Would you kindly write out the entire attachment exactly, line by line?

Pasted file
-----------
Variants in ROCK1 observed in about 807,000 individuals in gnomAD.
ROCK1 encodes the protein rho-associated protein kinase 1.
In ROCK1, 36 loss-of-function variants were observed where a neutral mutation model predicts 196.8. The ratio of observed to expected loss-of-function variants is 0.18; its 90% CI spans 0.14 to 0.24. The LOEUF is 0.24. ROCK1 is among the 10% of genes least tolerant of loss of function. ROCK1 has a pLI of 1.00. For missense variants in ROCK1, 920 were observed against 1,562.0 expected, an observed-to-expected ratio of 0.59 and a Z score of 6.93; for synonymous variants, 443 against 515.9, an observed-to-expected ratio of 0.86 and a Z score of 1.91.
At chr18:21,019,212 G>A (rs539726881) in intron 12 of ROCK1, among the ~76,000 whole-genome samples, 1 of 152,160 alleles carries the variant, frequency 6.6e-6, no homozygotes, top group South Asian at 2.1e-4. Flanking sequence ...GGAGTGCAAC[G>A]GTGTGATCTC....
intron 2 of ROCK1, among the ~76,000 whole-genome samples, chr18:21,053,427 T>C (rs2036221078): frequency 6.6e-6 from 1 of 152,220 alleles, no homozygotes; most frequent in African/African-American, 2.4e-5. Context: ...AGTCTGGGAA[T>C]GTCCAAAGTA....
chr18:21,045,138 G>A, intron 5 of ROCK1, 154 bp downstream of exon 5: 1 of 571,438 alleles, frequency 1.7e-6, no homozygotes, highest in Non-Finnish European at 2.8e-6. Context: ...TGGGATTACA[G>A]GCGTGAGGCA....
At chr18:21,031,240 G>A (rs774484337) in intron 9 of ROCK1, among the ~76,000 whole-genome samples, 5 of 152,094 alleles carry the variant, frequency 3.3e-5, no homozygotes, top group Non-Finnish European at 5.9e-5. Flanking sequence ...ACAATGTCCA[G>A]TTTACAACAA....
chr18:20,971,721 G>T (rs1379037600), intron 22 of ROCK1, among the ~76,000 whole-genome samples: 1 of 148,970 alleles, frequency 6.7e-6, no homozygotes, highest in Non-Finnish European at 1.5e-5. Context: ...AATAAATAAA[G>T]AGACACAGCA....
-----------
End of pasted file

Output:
Variants in ROCK1 observed in about 807,000 individuals in gnomAD.
ROCK1 encodes the protein rho-associated protein kinase 1.
In ROCK1, 36 loss-of-function variants were observed where a neutral mutation model predicts 196.8. The ratio of observed to expected loss-of-function variants is 0.18; its 90% CI spans 0.14 to 0.24. The LOEUF is 0.24. ROCK1 is among the 10% of genes least tolerant of loss of function. ROCK1 has a pLI of 1.00. For missense variants in ROCK1, 920 were observed against 1,562.0 expected, an observed-to-expected ratio of 0.59 and a Z score of 6.93; for synonymous variants, 443 against 515.9, an observed-to-expected ratio of 0.86 and a Z score of 1.91.
At chr18:21,019,212 G>A (rs539726881) in intron 12 of ROCK1, among the ~76,000 whole-genome samples, 1 of 152,160 alleles carries the variant, frequency 6.6e-6, no homozygotes, top group South Asian at 2.1e-4. Flanking sequence ...GGAGTGCAAC[G>A]GTGTGATCTC....
intron 2 of ROCK1, among the ~76,000 whole-genome samples, chr18:21,053,427 T>C (rs2036221078): frequency 6.6e-6 from 1 of 152,220 alleles, no homozygotes; most frequent in African/African-American, 2.4e-5. Context: ...AGTCTGGGAA[T>C]GTCCAAAGTA....
chr18:21,045,138 G>A, intron 5 of ROCK1, 154 bp downstream of exon 5: 1 of 571,438 alleles, frequency 1.7e-6, no homozygotes, highest in Non-Finnish European at 2.8e-6. Context: ...TGGGATTACA[G>A]GCGTGAGGCA....
At chr18:21,031,240 G>A (rs774484337) in intron 9 of ROCK1, among the ~76,000 whole-genome samples, 5 of 152,094 alleles carry the variant, frequency 3.3e-5, no homozygotes, top group Non-Finnish European at 5.9e-5. Flanking sequence ...ACAATGTCCA[G>A]TTTACAACAA....
chr18:20,971,721 G>T (rs1379037600), intron 22 of ROCK1, among the ~76,000 whole-genome samples: 1 of 148,970 alleles, frequency 6.7e-6, no homozygotes, highest in Non-Finnish European at 1.5e-5. Context: ...AATAAATAAA[G>T]AGACACAGCA....